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World Journal of Oncology, ISSN 1920-4531 print, 1920-454X online, Open Access
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Case Report
Volume 2, Number 1, June 2013, pages 40-41
                                                                                

Spontaneous Hemoperitoneum in Chronic Myeloid Leukemia: An Unusual Etiology

Vidhi Chaudharya, b, Poonam Sachdevaa, Priya Karantha, Raksha Aroraa

aDepartment of Obstetrics and Gynecology, Maulana Azad Medical College and Lok Nayak Hospital, New Delhi, India
b
Corresponding author: Vidhi Chaudhary, Department of Obstetrics and Gynecology, Maulana Azad Medical College and Lok Nayak Hospital, New Delhi, India
Manuscript accepted for publication March 22, 2013
Short title:
Spontaneous Hemoperitoneum in Chronic Myeloid Leukemia

doi: http://dx.doi.org/10.4021/jh73e 
 

Abstract 

Spontaneous hemoperitoneum is rare in chronic myeloid leukemia (CML) and is commonly due to splenic hemorrhage which may need surgical intervention. Corpus luteal hemorrhage is common in child bearing women but is rare etiology of spontaneous hemoperitoneum in CML. Conservative approach prevents morbidity associated with CML. Corpus luteal hemorrhage should be considered as possible etiology of spontaneous hemoperitoneum in female patients of chronic myeloid leukemia. A 32-year-old, multiparous woman presented with hypovolemic shock with hemoperitoneum and enlarged spleen and negative urine pregnancy test. She was diagnosed as a case of myeloproliferative disorder as per her hematolgy reports. Initially splenic hemorrhage was thought to be cause of hemoperitoneum but ultrasonography confirmed corpus luteal hemorrhage as the etiological cause. Conservative management was planned which was successful thereby averting surgery. Patient was started on imatinib after diagnoses of chronic myeloid leukemia was established by reverse transcriptase polymerase-chain-reaction testing of peripheral-blood RNA. Also, she conceived while on treatment and delivered healthy baby with her disease being under remission. Corpus luteal hemorrhage is a possible etiology of spontaneous hemoperitoneum in chronic myeloid leukemia in reproductive age group. 

Keywords: Chronic myeloid leukemia; Spontanous hemoperitoneum; Etiology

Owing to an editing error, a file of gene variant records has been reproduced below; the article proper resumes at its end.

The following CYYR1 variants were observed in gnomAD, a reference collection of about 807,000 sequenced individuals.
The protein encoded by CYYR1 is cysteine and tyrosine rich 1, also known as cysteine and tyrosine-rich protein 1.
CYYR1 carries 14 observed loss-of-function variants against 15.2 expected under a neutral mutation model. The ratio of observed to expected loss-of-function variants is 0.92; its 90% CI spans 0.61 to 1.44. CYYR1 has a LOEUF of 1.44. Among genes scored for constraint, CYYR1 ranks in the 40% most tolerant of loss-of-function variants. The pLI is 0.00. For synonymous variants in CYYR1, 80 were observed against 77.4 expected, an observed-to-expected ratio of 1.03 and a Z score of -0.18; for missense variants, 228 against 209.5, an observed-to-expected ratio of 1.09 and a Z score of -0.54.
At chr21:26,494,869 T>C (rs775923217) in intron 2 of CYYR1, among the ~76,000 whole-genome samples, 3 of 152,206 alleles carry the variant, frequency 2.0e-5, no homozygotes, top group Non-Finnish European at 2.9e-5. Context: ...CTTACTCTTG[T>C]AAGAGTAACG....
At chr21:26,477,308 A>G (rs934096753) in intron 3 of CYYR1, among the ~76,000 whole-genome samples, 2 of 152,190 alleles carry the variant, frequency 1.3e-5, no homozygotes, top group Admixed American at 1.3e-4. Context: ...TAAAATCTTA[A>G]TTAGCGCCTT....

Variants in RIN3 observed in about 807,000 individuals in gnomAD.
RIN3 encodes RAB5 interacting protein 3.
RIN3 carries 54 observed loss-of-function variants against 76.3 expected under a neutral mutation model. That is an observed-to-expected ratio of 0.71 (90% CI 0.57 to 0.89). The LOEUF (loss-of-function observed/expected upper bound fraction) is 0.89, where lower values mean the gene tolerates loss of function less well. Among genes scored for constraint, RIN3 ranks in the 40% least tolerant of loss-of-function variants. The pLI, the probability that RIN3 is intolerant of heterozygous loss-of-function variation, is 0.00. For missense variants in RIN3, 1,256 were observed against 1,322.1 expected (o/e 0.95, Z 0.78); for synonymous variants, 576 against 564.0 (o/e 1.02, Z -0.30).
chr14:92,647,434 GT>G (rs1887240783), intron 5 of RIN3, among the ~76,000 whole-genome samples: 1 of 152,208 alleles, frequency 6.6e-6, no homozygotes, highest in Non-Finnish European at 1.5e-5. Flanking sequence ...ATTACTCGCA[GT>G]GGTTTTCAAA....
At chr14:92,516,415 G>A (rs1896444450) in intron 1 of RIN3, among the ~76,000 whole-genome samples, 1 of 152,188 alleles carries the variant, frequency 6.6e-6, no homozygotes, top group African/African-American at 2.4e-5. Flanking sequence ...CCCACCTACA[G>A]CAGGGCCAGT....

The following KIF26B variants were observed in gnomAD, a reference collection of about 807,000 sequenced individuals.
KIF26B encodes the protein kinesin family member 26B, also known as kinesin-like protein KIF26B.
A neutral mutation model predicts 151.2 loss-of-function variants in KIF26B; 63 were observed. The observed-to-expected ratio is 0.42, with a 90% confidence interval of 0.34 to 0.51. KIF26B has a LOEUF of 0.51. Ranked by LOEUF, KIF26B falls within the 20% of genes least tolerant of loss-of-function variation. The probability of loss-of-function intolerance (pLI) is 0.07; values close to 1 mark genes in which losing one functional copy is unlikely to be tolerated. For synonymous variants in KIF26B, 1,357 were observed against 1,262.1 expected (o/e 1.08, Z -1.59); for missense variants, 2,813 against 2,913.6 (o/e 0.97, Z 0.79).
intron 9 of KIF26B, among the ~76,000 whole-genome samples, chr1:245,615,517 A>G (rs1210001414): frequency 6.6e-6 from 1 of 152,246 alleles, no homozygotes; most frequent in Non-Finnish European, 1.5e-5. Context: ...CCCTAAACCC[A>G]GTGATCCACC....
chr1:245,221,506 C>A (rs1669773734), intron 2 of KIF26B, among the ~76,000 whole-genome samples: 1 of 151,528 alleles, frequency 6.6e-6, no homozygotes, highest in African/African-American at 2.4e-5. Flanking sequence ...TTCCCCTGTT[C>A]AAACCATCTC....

Introduction
 

Corpus luteal cyst hemorrhage (though common in child bearing women), is a rare cause of spontaneous hemoperitoneum in patients of chronic myeloid leukemia in reproductive age group. It also mimics ectopic pregnancy, spontaneous splenic hemorrhage in symptomatology along with other causes of spontaneous hemoperitoneum.


Case Report 

Multiparous woman (32 years old) with three previous normal deliveries, presented with mild vaginal bleeding and acute pain abdomen since two days. Her last menstrual period was twenty days back. There was no history of trauma. Patient was in early hypovolemic shock (pulse rate-110/minute, blood pressure-90/70 mmHg, arterial blood gases were within normal limits). Abdomen was distended and tender. Shifting dullness was elicited. Spleen was enlarged till umbilicus but non tender. Pelvic examination revealed minimal bleeding and normal sized uterus. Cervical motion tenderness and left adnexal fullness was present. However urine pregnancy test was negative. She was resuscitated with intravenous fluids and one packed cell transfusion. Her Haemoglobin was 8.3 g/dL, TLC- 1.28 × 105L (Leucocytosis). Peripheral smear showed Blastocyte-2 Promyelocyte-3, Myelocyte14, Metamyelocyte10, Polymorphs-58, Lymphocyte3, Monocyte-3Eosinophil-5Basophils2. Nucleated RBC was 2/100 white blood cells. Beta-hCG was 0.5 mIU/mL. Based on above haematological and urinary findings, diagnosis of chronic myeloproliferative disorder with splenic haemorrhage was considered. Emergency ultrasonography and Doppler revealed enlarged spleen without any site of rupture. Hemoperitoneum was noted. An empty normal sized uterus with echogenic lesion (3.8 × 2.7 cm) in left ovary suggestive of corpus luteal cyst was noted. Hence a final diagnosis of corpus luteal hemorrhage with myeloproliferative disorder was made. Conservative management with back up of laparotomy in case of worsening shock was planned. She received hydroxyurea, allopurinol and hemostatics (Tranexamic acid). On day 7 hemoperitoneum resolved completely and need for laparotomy was obviated. Patient was referred to our haem-oncology unit.